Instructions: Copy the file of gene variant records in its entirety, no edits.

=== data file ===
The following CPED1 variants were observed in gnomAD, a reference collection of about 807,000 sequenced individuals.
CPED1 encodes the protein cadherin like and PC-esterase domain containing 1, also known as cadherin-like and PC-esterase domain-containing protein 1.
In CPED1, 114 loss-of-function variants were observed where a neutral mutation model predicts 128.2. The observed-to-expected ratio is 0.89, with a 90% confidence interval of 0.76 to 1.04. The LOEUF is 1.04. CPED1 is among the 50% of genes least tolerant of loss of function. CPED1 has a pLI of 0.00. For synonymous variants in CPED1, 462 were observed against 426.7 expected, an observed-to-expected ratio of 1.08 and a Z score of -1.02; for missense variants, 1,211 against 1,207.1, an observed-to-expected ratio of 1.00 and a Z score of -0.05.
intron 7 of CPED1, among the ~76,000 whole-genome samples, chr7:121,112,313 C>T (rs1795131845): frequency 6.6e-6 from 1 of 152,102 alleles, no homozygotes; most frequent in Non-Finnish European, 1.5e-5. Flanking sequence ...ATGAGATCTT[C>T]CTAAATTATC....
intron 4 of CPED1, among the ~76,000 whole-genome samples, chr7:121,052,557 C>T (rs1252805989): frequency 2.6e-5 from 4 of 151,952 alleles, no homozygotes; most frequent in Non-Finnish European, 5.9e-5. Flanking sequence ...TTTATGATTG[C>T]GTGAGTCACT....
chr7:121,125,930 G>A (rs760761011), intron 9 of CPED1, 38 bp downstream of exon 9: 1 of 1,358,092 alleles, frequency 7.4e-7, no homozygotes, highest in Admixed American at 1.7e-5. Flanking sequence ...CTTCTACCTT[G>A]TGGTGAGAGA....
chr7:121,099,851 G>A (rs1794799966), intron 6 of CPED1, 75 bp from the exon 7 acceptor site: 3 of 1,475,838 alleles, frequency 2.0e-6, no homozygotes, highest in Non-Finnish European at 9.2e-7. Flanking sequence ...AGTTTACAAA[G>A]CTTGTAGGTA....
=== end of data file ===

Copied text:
The following CPED1 variants were observed in gnomAD, a reference collection of about 807,000 sequenced individuals.
CPED1 encodes the protein cadherin like and PC-esterase domain containing 1, also known as cadherin-like and PC-esterase domain-containing protein 1.
In CPED1, 114 loss-of-function variants were observed where a neutral mutation model predicts 128.2. The observed-to-expected ratio is 0.89, with a 90% confidence interval of 0.76 to 1.04. The LOEUF is 1.04. CPED1 is among the 50% of genes least tolerant of loss of function. CPED1 has a pLI of 0.00. For synonymous variants in CPED1, 462 were observed against 426.7 expected, an observed-to-expected ratio of 1.08 and a Z score of -1.02; for missense variants, 1,211 against 1,207.1, an observed-to-expected ratio of 1.00 and a Z score of -0.05.
intron 7 of CPED1, among the ~76,000 whole-genome samples, chr7:121,112,313 C>T (rs1795131845): frequency 6.6e-6 from 1 of 152,102 alleles, no homozygotes; most frequent in Non-Finnish European, 1.5e-5. Flanking sequence ...ATGAGATCTT[C>T]CTAAATTATC....
intron 4 of CPED1, among the ~76,000 whole-genome samples, chr7:121,052,557 C>T (rs1252805989): frequency 2.6e-5 from 4 of 151,952 alleles, no homozygotes; most frequent in Non-Finnish European, 5.9e-5. Flanking sequence ...TTTATGATTG[C>T]GTGAGTCACT....
chr7:121,125,930 G>A (rs760761011), intron 9 of CPED1, 38 bp downstream of exon 9: 1 of 1,358,092 alleles, frequency 7.4e-7, no homozygotes, highest in Admixed American at 1.7e-5. Flanking sequence ...CTTCTACCTT[G>A]TGGTGAGAGA....
chr7:121,099,851 G>A (rs1794799966), intron 6 of CPED1, 75 bp from the exon 7 acceptor site: 3 of 1,475,838 alleles, frequency 2.0e-6, no homozygotes, highest in Non-Finnish European at 9.2e-7. Flanking sequence ...AGTTTACAAA[G>A]CTTGTAGGTA....